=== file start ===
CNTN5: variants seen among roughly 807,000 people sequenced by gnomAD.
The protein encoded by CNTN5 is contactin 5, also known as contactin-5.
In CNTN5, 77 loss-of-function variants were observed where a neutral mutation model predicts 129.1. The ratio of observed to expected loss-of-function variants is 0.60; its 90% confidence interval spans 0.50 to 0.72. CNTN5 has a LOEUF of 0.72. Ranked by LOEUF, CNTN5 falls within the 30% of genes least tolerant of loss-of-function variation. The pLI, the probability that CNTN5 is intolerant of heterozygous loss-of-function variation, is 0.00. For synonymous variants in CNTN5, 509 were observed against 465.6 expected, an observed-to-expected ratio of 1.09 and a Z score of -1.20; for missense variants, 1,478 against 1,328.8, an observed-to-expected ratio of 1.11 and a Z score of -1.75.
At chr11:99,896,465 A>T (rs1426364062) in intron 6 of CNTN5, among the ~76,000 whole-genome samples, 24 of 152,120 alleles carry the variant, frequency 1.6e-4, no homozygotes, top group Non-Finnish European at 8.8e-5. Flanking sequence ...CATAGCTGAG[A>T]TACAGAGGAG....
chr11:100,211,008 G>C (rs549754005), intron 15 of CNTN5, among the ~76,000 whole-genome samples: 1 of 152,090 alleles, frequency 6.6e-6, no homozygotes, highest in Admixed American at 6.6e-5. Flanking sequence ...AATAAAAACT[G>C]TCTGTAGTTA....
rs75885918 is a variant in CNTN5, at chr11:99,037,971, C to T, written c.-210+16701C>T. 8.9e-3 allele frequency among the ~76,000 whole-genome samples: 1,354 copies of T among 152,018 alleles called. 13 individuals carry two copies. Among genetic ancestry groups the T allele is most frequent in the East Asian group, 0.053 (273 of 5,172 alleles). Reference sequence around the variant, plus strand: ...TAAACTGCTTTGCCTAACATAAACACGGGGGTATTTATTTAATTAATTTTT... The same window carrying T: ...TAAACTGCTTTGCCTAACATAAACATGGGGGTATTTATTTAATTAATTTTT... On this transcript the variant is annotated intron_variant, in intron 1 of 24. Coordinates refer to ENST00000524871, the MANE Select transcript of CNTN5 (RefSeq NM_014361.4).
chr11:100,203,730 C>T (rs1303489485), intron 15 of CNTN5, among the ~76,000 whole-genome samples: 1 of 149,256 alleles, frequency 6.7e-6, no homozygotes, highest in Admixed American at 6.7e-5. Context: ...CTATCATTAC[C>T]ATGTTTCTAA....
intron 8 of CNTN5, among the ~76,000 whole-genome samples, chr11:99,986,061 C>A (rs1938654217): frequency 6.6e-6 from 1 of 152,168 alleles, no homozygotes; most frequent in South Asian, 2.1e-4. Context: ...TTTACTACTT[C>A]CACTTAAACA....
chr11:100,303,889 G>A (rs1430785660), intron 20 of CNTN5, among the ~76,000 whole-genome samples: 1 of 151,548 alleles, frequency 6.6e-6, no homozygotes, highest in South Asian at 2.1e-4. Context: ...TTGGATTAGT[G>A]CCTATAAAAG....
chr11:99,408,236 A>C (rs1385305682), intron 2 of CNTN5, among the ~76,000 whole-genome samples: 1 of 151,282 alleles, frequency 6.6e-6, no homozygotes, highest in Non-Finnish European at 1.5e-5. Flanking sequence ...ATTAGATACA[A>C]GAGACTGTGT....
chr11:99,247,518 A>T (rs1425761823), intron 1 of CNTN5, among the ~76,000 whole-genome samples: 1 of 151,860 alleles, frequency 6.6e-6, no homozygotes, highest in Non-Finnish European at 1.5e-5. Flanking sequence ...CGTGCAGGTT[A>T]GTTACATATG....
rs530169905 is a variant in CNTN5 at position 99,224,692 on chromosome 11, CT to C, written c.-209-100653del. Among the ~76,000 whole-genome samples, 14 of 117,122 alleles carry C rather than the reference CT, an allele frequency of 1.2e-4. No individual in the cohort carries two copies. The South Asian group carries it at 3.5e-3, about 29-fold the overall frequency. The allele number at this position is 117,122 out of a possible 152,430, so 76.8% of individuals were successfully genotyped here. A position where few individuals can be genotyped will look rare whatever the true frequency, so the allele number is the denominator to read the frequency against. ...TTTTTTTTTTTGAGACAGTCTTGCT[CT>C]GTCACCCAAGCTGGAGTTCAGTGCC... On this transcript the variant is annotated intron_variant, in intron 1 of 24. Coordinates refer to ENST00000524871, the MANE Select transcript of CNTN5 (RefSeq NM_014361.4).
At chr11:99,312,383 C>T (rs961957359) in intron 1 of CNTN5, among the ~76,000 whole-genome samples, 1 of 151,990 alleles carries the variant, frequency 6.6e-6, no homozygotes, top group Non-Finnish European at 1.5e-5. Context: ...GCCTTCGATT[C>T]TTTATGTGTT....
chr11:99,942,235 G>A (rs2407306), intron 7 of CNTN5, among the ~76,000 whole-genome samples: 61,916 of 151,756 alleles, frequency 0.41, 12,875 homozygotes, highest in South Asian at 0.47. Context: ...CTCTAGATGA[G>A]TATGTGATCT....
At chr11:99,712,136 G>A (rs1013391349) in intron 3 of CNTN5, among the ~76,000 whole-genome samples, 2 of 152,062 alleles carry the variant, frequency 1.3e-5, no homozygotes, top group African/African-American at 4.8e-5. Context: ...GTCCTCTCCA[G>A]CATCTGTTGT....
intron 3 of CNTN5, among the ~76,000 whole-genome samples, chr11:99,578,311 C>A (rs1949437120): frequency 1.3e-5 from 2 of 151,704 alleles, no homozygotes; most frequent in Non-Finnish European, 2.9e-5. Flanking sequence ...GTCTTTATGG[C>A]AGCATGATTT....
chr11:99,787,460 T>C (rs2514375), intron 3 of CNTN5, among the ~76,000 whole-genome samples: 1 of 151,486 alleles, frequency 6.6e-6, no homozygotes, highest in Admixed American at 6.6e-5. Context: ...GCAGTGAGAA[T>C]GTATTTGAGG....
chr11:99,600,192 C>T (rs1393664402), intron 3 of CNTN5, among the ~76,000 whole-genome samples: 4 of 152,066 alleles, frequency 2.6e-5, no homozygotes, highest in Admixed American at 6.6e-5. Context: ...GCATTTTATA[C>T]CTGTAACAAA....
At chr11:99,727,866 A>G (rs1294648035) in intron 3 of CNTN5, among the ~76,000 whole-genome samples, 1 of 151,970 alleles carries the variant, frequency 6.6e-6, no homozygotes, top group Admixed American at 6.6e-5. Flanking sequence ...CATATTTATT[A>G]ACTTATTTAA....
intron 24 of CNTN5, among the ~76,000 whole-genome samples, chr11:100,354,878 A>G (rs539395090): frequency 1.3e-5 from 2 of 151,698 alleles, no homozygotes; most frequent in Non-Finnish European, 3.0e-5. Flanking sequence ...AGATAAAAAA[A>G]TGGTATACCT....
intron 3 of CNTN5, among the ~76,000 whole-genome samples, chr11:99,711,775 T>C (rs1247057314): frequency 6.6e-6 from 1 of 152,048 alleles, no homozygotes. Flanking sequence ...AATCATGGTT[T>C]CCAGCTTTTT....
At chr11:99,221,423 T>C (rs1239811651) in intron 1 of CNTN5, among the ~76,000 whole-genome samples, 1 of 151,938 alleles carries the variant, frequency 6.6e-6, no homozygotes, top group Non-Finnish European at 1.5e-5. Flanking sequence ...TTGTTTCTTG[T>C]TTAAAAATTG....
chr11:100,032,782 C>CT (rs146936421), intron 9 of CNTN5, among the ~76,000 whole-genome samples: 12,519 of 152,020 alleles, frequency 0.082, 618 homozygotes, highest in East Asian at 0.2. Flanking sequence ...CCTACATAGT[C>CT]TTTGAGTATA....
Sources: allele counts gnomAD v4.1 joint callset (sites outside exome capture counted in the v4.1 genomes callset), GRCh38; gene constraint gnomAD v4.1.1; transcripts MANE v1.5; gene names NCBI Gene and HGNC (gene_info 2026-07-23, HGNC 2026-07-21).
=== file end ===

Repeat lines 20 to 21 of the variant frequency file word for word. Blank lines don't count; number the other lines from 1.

intron 24 of CNTN5, among the ~76,000 whole-genome samples, chr11:100,354,878 A>G (rs539395090): frequency 1.3e-5 from 2 of 151,698 alleles, no homozygotes; most frequent in Non-Finnish European, 3.0e-5. Flanking sequence ...AGATAAAAAA[A>G]TGGTATACCT....
intron 3 of CNTN5, among the ~76,000 whole-genome samples, chr11:99,711,775 T>C (rs1247057314): frequency 6.6e-6 from 1 of 152,048 alleles, no homozygotes. Flanking sequence ...AATCATGGTT[T>C]CCAGCTTTTT....